68. Choong, O.K.; Chen, C.-Y.; Zhang, J.; Lin, J.-H.; Lin, P.-J.; Ruan, S.-C.; Kamp, T.J.; Hsieh, P.C. Hypoxia-Induced H19/YB-1 Cascade Modulates Cardiac Remodeling after Infarction. Theranostics 2019, 9, 6550–6567.
  69. Wang, X.-M.; Li, X.-M.; Song, N.; Zhai, H.; Gao, X.-M.; Yang, Y.-N. Long Non-Coding RNAs H19, MALAT1 and MIAT as Potential Novel Biomarkers for Diagnosis of Acute Myocardial Infarction. Biomed. Pharmacother. 2019, 118, 109208.
  70. Yao, Y.; Xiong, G.; Jiang, X.; Song, T. The Overexpression of lncRNA H19 as a Diagnostic Marker for Coronary Artery Disease. Rev. Assoc. Med. Bras. 2019, 65, 110–117.
  71. Gao, W.; Zhu, M.; Wang, H.; Zhao, S.; Zhao, D.; Yang, Y.; Wang, Z.-M.; Wang, F.; Yang, Z.-J.; Lu, X.; et al. Association of Polymorphisms in Long Non-Coding RNA H19 with Coronary Artery Disease Risk in a Chinese Population. Mutat. Res. Mol. Mech. Mutagen. 2015, 772, 15–22.
  72. Liu, L.; An, X.; Li, Z.; Song, Y.; Li, L.; Zuo, S.; Liu, N.; Yang, G.; Wang, H.; Cheng, X.; et al. The H19 Long Noncoding RNA Is a Novel Negative Regulator of Cardiomyocyte Hypertrophy. Cardiovasc. Res. 2016, 111, 56–65.
  73. Boeckel, J.-N.; Perret, M.F.; Glaser, S.F.; Seeger, T.; Heumüller, A.W.; Chen, W.; John, D.; Kokot, K.E.; Katus, H.A.; Haas, J.; et al. Identification and Regulation of the Long Non-Coding RNA Heat2 in Heart Failure. J. Mol. Cell. Cardiol. 2019, 126, 13–22.
  74. Gao, L.; Liu, Y.; Guo, S.; Yao, R.; Wu, L.; Xiao, L.; Wang, Z.; Liu, Y.; Zhang, Y. Circulating Long Noncoding RNA HOTAIR is an Essential Mediator of Acute Myocardial Infarction. Cell. Physiol. Biochem. 2017, 44, 1497–1508.
  75. Liao, B.; Chen, R.; Lin, F.; Mai, A.; Chen, J.; Li, H.; Xu, Z.; Dong, S. Long Noncoding RNA HOTTIP Promotes Endothelial Cell Proliferation and Migration via Activation of the Wnt/β-Catenin Pathway. J. Cell. Biochem. 2017, 119, 2797–2805.
  76. Devaux, Y.; Creemers, E.E.; Boon, R.A.; Werfel, S.; Thum, T.; Engelhardt, S.; Dimmeler, S.; Squire, I. Circular RNAs in Heart Failure. Eur. J. Hear. Fail. 2017, 19, 701–709.
  77. Kumarswamy, R.; Bauters, C.; Volkmann, I.; Maury, F.; Fetisch, J.; Holzmann, A.; Lemesle, G.; de Groote, P.; Pinet, F.; Thum, T. Circulating Long Noncoding RNA, LIPCAR, Predicts Survival in Patients with Heart Failure. Circ. Res. 2014, 114, 1569–1575.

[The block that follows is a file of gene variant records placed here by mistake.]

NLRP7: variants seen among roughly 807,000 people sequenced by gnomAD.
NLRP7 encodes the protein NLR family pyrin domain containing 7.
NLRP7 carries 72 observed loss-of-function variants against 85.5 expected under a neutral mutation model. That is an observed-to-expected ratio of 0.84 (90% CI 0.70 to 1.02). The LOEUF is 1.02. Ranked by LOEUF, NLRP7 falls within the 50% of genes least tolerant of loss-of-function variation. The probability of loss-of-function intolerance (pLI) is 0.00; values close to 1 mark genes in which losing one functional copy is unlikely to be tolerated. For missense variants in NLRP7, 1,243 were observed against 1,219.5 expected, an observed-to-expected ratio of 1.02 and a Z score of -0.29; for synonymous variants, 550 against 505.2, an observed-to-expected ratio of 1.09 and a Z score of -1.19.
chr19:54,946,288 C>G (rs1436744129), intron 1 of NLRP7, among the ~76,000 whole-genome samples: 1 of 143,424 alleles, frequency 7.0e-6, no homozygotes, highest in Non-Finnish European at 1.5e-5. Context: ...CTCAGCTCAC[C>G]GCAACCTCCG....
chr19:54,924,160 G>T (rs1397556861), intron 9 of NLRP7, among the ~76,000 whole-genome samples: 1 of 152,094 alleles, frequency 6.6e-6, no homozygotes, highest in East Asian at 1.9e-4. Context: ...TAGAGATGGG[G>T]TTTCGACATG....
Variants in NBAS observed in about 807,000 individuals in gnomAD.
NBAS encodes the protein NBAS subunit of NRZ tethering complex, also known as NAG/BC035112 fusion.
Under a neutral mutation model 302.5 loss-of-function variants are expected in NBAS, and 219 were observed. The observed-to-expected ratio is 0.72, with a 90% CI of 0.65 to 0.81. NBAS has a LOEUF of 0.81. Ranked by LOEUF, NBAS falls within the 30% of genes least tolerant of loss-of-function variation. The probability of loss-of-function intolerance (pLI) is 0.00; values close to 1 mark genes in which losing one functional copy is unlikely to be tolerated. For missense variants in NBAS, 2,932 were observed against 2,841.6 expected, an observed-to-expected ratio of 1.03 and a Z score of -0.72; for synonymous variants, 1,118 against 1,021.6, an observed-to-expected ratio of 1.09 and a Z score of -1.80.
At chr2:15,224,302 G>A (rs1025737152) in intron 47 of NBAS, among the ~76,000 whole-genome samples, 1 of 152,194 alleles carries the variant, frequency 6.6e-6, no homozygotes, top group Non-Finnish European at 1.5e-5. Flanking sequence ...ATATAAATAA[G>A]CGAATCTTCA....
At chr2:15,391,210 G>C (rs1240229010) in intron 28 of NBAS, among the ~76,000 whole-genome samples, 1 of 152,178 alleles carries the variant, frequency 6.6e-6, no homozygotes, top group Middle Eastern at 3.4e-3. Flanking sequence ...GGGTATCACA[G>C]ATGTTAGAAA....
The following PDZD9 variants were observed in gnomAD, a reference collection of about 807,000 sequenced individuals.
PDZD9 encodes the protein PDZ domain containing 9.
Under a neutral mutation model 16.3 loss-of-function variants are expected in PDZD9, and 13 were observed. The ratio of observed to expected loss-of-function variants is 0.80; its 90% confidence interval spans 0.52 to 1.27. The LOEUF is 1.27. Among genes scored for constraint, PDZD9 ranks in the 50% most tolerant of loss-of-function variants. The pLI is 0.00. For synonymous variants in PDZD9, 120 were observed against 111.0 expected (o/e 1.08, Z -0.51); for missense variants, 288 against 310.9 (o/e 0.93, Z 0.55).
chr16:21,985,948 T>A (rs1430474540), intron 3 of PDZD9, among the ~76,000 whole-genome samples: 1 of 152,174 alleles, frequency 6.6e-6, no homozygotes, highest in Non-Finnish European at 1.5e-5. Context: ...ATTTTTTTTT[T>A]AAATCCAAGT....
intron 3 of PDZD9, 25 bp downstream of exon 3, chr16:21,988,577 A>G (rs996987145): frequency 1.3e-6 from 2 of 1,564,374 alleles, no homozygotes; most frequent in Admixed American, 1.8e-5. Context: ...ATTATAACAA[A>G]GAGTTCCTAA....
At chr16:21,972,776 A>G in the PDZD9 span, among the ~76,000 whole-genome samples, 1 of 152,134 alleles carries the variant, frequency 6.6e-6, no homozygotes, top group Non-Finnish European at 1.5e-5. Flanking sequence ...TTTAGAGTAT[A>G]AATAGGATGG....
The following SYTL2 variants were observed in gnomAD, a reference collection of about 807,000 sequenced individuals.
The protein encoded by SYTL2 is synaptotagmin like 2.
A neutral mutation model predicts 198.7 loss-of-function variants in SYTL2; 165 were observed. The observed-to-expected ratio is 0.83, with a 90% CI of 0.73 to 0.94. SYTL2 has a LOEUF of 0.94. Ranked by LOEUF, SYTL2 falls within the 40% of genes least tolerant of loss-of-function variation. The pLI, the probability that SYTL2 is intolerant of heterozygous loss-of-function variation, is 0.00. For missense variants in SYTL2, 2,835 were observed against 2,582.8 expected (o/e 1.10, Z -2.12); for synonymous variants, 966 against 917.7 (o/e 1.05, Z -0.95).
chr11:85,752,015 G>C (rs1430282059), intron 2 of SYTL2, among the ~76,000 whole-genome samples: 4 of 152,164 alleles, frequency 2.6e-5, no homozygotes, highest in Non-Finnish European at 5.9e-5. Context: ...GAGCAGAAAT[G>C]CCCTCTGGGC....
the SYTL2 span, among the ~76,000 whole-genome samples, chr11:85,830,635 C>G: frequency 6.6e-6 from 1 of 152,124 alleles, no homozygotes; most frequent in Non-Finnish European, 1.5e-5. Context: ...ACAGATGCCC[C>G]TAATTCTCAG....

78. Zhang, Z.; Gao, W.; Long, Q.-Q.; Zhang, J.; Lian-Sheng, W.; Liu, D.-C.; Yan, J.-J.; Yang, Z.-J.; Wang, L.-S. Increased Plasma Levels of lncRNA H19 and LIPCAR Are Associated with Increased Risk of Coronary Artery Disease in a Chinese Population. Sci. Rep. 2017, 7, 1–9.
  79. Huarte, M.; Guttman, M.; Feldser, D.; Garber, M.; Koziol, M.J.; Kenzelmann-Broz, D.; Khalil, A.M.; Zuk, O.; Amit, I.; Rabani, M.; et al. A Large Intergenic Noncoding RNA Induced by p53 Mediates Global Gene Repression in the p53 Response. Cell 2010, 142, 409–419.
  80. Tang, S.-S.; Cheng, J.; Cai, M.-Y.; Yang, X.-L.; Liu, X.G.; Zheng, B.-Y.; Xiong, X.-D. Association of lincRNA-p21Haplotype with Coronary Artery Disease in a Chinese Han Population. Dis. Markers 2016, 2016, 1–7.
  81. Wang, X.; Zhao, Z.; Zhang, W.; Wang, Y. Long Noncoding RNA LINC00968 Promotes Endothelial Cell Proliferation and Migration via Regulating miR-9-3p Expression. J. Cell. Biochem. 2019, 120, 8214–8221.
  82. Jiang, F.; Zhou, X.; Huang, J. Long Non-Coding RNA-ROR Mediates the Reprogramming in Cardiac Hypertrophy. PLoS ONE 2016, 11, e0152767.
  83. Leung, A.; Trac, C.; Jin, W.; Lanting, L.; Akbany, A.; Sætrom, P.; Schones, D.E.; Natarajan, R. Novel Long Noncoding RNAs Are Regulated by Angiotensin II in Vascular Smooth Muscle Cells. Circ. Res. 2013, 113, 266–278.
  84. Chen, G.; Huang, S.; Song, F.; Zhou, Y.; He, X. Lnc-Ang362 Is a Pro-Fibrotic Long Non-Coding RNA Promoting Cardiac Fibrosis after Myocardial Infarction by Suppressing Smad7. Arch. Biochem. Biophys. 2020, 685, 108354.
  85. Guo, X.; Wu, X.; Han, Y.; Tian, E.; Cheng, J. LncRNA MALAT1 Protects Cardiomyocytes from Isoproterenol-Induced Apoptosis through Sponging miR-558 to Enhance ULK1-Mediated Protective Autophagy. J. Cell. Physiol. 2018, 234, 10842–10854.
  86. Hu, L.; Xu, Y.-N.; Wang, Q.; Liu, M.-J.; Zhang, P.; Zhao, L.-T.; Liu, F.; Zhao, D.-Y.; Pei, H.-N.; Yao, X.-B.; et al. Aerobic Exercise Improves Cardiac Function in Rats with Chronic Heart Failure through Inhibition of the Long Non-Coding RNA Metastasis-Associated Lung Adenocarcinoma Transcript 1 (MALAT1). Ann. Transl. Med. 2021, 9, 340.
  87. Toraih, E.; El-Wazir, A.; Alghamdi, S.A.; Alhazmi, A.S.; El-Wazir, M.; Abdel-Daim, M.; Fawzy, M.S. Association of Long Non-Coding RNA MIAT and MALAT1 Expression Profiles in Peripheral Blood of Coronary Artery Disease Patients with Previous Cardiac Events. Genet. Mol. Biol. 2019, 42, 509–518.
  88. Wang, K.; Sun, T.; Li, N.; Wang, Y.; Wang, J.; Zhou, L.-Y.; Long, B.; Liu, C.-Y.; Liu, F.; Li, P.-F. MDRL lncRNA Regulates the Processing of miR-484 Primary Transcript by Targeting miR-361. PLoS Genet. 2014, 10, e1004467.
  89. Wu, H.; Zhao, Z.-A.; Liu, J.; Hao, K.; Yu, Y.; Han, X.; Li, J.; Wang, Y.; Lei, W.; Dong, N.; et al. Long Noncoding RNA Meg3 Regulates Cardiomyocyte Apoptosis in Myocardial Infarction. Gene Ther. 2018, 25, 511–523.